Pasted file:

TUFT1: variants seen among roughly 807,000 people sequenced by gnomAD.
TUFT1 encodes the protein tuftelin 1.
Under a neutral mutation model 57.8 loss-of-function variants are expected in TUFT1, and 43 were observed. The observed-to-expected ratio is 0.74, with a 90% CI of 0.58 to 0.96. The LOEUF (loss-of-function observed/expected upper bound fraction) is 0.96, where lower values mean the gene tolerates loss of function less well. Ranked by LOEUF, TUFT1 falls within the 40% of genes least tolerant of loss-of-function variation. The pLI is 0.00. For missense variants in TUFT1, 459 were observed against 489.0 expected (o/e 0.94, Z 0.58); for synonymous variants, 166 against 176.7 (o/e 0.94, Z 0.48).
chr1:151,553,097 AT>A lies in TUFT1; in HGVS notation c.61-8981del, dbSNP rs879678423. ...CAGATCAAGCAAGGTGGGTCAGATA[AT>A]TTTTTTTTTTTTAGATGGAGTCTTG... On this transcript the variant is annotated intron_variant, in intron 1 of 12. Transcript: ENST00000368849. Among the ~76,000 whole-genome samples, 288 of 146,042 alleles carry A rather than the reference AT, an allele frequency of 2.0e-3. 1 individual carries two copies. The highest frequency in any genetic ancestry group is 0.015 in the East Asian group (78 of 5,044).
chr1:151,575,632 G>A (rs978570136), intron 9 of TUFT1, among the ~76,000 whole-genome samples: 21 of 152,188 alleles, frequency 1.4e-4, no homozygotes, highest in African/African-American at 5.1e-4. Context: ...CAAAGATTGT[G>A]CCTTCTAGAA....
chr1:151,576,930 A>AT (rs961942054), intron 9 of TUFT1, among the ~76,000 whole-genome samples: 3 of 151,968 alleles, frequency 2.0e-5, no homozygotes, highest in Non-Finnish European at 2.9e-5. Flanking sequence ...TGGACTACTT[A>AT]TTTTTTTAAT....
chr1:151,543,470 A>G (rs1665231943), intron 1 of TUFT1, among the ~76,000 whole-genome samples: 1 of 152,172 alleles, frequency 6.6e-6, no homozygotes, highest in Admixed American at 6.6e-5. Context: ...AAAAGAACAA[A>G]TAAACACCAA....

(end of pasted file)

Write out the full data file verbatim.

TUFT1: variants seen among roughly 807,000 people sequenced by gnomAD.
TUFT1 encodes the protein tuftelin 1.
Under a neutral mutation model 57.8 loss-of-function variants are expected in TUFT1, and 43 were observed. The observed-to-expected ratio is 0.74, with a 90% CI of 0.58 to 0.96. The LOEUF (loss-of-function observed/expected upper bound fraction) is 0.96, where lower values mean the gene tolerates loss of function less well. Ranked by LOEUF, TUFT1 falls within the 40% of genes least tolerant of loss-of-function variation. The pLI is 0.00. For missense variants in TUFT1, 459 were observed against 489.0 expected (o/e 0.94, Z 0.58); for synonymous variants, 166 against 176.7 (o/e 0.94, Z 0.48).
chr1:151,553,097 AT>A lies in TUFT1; in HGVS notation c.61-8981del, dbSNP rs879678423. ...CAGATCAAGCAAGGTGGGTCAGATA[AT>A]TTTTTTTTTTTTAGATGGAGTCTTG... On this transcript the variant is annotated intron_variant, in intron 1 of 12. Transcript: ENST00000368849. Among the ~76,000 whole-genome samples, 288 of 146,042 alleles carry A rather than the reference AT, an allele frequency of 2.0e-3. 1 individual carries two copies. The highest frequency in any genetic ancestry group is 0.015 in the East Asian group (78 of 5,044).
chr1:151,575,632 G>A (rs978570136), intron 9 of TUFT1, among the ~76,000 whole-genome samples: 21 of 152,188 alleles, frequency 1.4e-4, no homozygotes, highest in African/African-American at 5.1e-4. Context: ...CAAAGATTGT[G>A]CCTTCTAGAA....
chr1:151,576,930 A>AT (rs961942054), intron 9 of TUFT1, among the ~76,000 whole-genome samples: 3 of 151,968 alleles, frequency 2.0e-5, no homozygotes, highest in Non-Finnish European at 2.9e-5. Flanking sequence ...TGGACTACTT[A>AT]TTTTTTTAAT....
chr1:151,543,470 A>G (rs1665231943), intron 1 of TUFT1, among the ~76,000 whole-genome samples: 1 of 152,172 alleles, frequency 6.6e-6, no homozygotes, highest in Admixed American at 6.6e-5. Context: ...AAAAGAACAA[A>G]TAAACACCAA....